Natural Selection Experiment

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Since the publication of Darwin’s “On the Origin of Species” in 1859, natural selection has been widely accepted by the scientific community as the engine that drives evolution, or the change of frequency of heritable characteristics in a population over time. Natural selection results in the survival of the fitter individuals of a given population, and therefore the increase in frequency of the genes that produced the adaptive phenotype. For natural selection to occur, there are three conditions that must be met. First and foremost, there must be variation in a population. If no variation occurs, then no individual will have a phenotype that is any more adaptive or maladaptive than another. Second, the variable trait must be heritable. …show more content…
However, natural selection is not the only process that can drive evolution. Natural selection is a non-random sorting process, however, other mechanisms, such as genetic drift, a random sorting process, can also lead to the evolution of a population. Genetic drift may lead to a change in the frequency of alleles in a population, however the change will be unpredictable. In this experiment, we will be emulating the processes of both natural selection and genetic drift to model the evolution of a population of weevils. The “weevils” in this experiment will have three distinct phenotypes, each varying in size, shape, and color. We predict that when modeling natural selection, the weevils indicating a phenotype of blue, flat, and large, will decrease in frequency, or go extinct in our population. The size and shape of this phenotype allows it to be more easily grabbed and preyed upon by a chicken predator (as modeled by one of the lab partners). We predict that when modeling genetic drift, a non-random process, we will see no pattern as to which phenotypes will increase or decrease in frequency.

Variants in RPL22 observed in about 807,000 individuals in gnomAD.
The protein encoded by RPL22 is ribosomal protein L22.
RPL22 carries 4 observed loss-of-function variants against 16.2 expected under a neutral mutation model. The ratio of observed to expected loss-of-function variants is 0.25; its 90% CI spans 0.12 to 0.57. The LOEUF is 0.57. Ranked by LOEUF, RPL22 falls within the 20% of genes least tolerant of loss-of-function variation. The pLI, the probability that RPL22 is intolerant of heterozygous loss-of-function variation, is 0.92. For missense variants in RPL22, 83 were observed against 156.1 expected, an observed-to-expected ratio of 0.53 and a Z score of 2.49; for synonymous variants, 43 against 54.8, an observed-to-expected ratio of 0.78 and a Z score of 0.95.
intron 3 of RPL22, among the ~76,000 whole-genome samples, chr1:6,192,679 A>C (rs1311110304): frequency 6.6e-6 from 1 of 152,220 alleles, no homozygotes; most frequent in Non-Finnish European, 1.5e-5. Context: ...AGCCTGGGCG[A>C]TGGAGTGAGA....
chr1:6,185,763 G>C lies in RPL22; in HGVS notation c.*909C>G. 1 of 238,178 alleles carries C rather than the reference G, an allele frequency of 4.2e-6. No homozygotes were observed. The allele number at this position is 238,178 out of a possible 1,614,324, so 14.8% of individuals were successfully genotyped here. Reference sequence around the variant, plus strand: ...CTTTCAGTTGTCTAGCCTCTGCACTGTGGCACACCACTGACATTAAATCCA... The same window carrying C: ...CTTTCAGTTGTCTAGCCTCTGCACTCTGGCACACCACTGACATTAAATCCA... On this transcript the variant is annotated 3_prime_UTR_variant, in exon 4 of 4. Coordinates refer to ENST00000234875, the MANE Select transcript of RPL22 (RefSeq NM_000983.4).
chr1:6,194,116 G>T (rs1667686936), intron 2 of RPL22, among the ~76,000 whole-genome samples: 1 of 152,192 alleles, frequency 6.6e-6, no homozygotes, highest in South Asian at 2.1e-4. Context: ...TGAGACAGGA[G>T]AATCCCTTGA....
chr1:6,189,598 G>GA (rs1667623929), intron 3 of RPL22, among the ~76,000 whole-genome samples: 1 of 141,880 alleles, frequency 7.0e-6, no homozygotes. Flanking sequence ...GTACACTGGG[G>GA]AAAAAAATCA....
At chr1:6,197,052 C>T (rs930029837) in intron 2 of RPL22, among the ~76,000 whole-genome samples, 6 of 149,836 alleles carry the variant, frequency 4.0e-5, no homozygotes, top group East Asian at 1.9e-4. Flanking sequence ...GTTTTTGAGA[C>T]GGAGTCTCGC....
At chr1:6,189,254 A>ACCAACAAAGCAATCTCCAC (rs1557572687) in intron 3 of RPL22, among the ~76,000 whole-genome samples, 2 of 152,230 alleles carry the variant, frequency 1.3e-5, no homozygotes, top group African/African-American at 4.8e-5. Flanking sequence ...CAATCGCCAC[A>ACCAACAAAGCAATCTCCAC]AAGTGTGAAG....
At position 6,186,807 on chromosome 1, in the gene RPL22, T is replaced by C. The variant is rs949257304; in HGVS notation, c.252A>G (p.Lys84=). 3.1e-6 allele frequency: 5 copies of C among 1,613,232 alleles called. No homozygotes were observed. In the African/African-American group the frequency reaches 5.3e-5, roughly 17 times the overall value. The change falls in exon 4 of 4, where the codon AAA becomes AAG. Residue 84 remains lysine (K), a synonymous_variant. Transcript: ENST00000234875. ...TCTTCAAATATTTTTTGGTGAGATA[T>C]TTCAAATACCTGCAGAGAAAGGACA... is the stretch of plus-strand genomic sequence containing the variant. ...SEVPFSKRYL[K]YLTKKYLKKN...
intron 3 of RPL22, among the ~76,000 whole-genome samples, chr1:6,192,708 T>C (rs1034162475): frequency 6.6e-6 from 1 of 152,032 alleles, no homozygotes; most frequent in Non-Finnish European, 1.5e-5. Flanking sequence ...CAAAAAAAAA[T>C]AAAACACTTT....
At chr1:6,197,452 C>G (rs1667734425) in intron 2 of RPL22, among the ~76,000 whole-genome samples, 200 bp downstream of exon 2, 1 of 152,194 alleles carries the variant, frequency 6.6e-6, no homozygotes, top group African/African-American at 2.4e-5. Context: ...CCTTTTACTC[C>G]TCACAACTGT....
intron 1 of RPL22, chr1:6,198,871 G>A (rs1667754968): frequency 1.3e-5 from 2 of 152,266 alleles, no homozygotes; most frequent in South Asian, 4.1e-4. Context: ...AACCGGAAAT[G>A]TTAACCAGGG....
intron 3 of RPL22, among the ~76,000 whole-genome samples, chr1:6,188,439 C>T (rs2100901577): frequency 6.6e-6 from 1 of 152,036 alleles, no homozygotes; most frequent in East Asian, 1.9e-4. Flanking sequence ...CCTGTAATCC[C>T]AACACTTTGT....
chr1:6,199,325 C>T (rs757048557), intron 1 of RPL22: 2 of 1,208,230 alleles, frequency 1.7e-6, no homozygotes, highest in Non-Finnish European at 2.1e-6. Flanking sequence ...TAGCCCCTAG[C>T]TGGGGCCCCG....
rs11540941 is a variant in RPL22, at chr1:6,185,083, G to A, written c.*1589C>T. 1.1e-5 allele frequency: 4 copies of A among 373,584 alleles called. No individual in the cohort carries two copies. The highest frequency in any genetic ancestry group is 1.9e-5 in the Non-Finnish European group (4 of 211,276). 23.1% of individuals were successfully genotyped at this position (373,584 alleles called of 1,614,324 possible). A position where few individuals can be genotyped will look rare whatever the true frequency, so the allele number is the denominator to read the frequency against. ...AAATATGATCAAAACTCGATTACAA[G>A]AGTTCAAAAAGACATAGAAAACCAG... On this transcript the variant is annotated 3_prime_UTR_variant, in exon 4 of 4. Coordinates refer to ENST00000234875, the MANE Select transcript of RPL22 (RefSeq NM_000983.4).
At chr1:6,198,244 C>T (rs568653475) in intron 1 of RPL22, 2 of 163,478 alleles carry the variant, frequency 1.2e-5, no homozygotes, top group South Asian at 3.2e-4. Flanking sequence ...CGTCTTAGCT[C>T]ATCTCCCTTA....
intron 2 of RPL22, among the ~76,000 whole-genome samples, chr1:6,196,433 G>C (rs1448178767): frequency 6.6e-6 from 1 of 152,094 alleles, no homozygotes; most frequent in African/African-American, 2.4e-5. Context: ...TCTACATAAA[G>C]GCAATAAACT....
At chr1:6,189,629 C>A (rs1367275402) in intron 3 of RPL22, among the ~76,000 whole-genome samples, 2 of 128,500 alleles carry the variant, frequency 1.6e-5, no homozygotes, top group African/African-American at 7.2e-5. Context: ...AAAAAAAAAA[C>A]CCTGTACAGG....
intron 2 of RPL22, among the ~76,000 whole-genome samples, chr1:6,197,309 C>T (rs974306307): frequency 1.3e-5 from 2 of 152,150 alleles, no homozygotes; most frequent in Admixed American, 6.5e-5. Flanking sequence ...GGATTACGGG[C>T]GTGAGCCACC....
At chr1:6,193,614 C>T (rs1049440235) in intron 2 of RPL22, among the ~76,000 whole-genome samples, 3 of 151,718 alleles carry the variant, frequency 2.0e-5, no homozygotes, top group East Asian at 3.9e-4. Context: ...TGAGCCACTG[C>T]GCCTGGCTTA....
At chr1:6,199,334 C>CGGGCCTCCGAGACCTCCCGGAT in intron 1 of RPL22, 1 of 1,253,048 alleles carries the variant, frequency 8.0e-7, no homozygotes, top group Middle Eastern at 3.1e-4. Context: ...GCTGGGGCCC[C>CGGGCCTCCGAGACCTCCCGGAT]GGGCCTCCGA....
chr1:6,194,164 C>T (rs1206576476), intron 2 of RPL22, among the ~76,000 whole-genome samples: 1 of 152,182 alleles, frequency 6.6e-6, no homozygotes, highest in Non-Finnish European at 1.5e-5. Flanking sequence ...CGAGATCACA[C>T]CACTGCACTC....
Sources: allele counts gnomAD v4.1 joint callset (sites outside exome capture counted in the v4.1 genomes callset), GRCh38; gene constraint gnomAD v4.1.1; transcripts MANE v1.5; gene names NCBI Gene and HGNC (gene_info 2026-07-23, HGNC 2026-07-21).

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A rapid decrease in the phenotype happened very early, after the first generation, however, extinction didn’t take place until after the sixth generation (our final generation). The dark phenotype thrived the most under these conditions, overall increasing in frequency in the population. In our genetic drift model, we also saw the extinction of the indigo phenotype. In this model, the extinction actually occurred one generation earlier than in the natural selection model. Even though it does appear looking at the change of frequencies in this model was a measured increase in the dark frequency and decrease in indigo frequency, if we were to repeat this experiment several times, we would expect the result to be different each time, as this is a random process. There are many possible sources of error in this experiment. One such source, may be our improvement as predators throughout the experiment. As we continued picking up marbles throughout the trials, we became much more efficient and able. This would make the biggest difference between the natural selection and genetic drift trials. Even though we had the disadvantage of the blindfold in the genetic drift trials, because we were much more experienced predators in these trials, that may have negated to effect of the blindfold to some

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